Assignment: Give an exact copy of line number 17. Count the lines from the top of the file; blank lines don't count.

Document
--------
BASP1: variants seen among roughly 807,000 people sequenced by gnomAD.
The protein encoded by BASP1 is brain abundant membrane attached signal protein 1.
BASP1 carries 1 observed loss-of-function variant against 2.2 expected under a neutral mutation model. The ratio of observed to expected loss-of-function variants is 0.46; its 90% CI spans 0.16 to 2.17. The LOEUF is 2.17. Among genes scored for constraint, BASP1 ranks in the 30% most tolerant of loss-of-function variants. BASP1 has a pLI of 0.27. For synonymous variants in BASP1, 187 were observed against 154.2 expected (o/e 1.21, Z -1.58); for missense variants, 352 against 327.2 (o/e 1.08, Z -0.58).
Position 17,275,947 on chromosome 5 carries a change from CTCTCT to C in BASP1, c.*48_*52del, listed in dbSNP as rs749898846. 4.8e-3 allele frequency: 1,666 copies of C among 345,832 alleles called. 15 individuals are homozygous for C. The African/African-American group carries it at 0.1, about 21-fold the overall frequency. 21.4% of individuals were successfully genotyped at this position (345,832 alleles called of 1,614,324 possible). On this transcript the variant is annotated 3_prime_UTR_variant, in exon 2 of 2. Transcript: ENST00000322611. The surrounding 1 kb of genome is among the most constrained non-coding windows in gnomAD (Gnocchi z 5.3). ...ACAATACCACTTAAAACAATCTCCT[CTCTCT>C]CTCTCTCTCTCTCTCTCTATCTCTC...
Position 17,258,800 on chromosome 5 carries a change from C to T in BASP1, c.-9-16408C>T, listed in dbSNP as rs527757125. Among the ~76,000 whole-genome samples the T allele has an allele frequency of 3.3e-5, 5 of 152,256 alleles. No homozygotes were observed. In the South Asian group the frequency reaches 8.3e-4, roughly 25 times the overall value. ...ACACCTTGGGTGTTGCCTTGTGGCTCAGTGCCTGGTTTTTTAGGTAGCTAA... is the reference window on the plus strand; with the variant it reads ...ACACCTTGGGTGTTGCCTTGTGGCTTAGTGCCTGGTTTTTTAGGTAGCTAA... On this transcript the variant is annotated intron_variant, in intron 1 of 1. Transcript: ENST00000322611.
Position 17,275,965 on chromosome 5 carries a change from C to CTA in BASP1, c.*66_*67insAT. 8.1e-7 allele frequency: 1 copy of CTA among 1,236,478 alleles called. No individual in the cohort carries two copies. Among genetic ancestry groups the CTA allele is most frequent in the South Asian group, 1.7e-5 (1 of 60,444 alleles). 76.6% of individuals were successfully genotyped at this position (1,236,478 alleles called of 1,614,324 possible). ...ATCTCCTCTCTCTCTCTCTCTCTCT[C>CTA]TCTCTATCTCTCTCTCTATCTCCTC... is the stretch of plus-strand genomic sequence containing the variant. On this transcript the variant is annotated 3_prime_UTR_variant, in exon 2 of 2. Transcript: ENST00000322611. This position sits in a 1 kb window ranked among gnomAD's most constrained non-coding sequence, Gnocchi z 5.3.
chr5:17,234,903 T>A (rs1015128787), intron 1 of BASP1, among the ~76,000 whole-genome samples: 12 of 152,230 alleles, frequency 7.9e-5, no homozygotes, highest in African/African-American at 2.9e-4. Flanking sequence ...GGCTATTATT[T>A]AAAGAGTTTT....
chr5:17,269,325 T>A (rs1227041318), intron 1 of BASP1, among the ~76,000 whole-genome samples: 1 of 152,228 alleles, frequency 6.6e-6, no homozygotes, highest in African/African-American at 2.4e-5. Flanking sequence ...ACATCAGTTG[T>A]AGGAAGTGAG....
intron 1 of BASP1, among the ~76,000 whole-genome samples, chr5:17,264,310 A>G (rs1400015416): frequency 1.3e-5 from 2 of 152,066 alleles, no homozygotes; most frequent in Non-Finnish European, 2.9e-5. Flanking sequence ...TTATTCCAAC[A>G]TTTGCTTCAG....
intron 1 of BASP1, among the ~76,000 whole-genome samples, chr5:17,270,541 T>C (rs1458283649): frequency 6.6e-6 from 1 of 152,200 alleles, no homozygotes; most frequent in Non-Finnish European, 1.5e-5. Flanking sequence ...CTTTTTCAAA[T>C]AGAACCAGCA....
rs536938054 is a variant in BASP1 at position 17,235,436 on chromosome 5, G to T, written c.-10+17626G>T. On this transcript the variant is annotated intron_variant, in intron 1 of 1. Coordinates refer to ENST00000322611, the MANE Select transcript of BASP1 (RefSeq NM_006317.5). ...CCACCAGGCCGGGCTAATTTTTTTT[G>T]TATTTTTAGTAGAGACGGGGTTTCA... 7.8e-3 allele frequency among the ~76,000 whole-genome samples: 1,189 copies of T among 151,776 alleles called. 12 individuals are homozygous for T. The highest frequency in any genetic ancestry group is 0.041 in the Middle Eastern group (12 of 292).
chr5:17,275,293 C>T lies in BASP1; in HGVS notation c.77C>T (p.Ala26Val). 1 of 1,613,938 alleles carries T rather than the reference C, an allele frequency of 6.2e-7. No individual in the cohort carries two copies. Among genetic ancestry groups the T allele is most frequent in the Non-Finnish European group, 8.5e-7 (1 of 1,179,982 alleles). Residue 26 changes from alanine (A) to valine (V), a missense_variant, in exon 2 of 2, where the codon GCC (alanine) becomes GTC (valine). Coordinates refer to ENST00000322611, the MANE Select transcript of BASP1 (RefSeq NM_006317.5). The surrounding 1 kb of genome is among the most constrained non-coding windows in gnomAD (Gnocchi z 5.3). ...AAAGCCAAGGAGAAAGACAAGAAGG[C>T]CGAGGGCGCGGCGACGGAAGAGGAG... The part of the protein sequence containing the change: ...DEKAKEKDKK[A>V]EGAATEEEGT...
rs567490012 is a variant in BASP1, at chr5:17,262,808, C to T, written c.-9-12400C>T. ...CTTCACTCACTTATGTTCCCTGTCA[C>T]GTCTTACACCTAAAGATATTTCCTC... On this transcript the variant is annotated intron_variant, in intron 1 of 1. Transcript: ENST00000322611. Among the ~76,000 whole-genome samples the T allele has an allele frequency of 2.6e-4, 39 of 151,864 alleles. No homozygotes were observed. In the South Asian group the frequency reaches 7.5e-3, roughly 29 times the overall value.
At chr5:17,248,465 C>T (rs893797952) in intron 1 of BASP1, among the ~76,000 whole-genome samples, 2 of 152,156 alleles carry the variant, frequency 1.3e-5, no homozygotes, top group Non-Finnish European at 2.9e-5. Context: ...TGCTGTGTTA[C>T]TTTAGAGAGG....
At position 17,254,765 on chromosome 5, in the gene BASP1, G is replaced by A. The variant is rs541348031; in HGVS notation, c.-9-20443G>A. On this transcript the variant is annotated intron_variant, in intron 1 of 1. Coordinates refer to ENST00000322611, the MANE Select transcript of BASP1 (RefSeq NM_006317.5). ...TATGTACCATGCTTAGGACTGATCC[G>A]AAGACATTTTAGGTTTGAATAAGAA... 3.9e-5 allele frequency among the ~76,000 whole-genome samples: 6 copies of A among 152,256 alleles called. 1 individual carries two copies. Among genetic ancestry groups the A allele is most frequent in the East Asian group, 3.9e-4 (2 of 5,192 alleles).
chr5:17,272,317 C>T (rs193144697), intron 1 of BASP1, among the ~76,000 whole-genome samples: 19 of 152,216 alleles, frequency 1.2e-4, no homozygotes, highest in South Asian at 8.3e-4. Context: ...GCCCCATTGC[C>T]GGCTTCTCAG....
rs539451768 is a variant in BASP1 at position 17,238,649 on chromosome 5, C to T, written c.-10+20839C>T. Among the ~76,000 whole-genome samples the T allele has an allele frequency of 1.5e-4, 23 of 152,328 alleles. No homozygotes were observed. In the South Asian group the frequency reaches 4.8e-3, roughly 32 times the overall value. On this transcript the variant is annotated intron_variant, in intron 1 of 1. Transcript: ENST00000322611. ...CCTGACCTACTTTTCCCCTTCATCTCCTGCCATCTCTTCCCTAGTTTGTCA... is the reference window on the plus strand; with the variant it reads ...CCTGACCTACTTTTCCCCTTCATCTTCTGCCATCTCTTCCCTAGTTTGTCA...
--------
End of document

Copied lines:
rs539451768 is a variant in BASP1 at position 17,238,649 on chromosome 5, C to T, written c.-10+20839C>T. Among the ~76,000 whole-genome samples the T allele has an allele frequency of 1.5e-4, 23 of 152,328 alleles. No homozygotes were observed. In the South Asian group the frequency reaches 4.8e-3, roughly 32 times the overall value. On this transcript the variant is annotated intron_variant, in intron 1 of 1. Transcript: ENST00000322611. ...CCTGACCTACTTTTCCCCTTCATCTCCTGCCATCTCTTCCCTAGTTTGTCA... is the reference window on the plus strand; with the variant it reads ...CCTGACCTACTTTTCCCCTTCATCTTCTGCCATCTCTTCCCTAGTTTGTCA...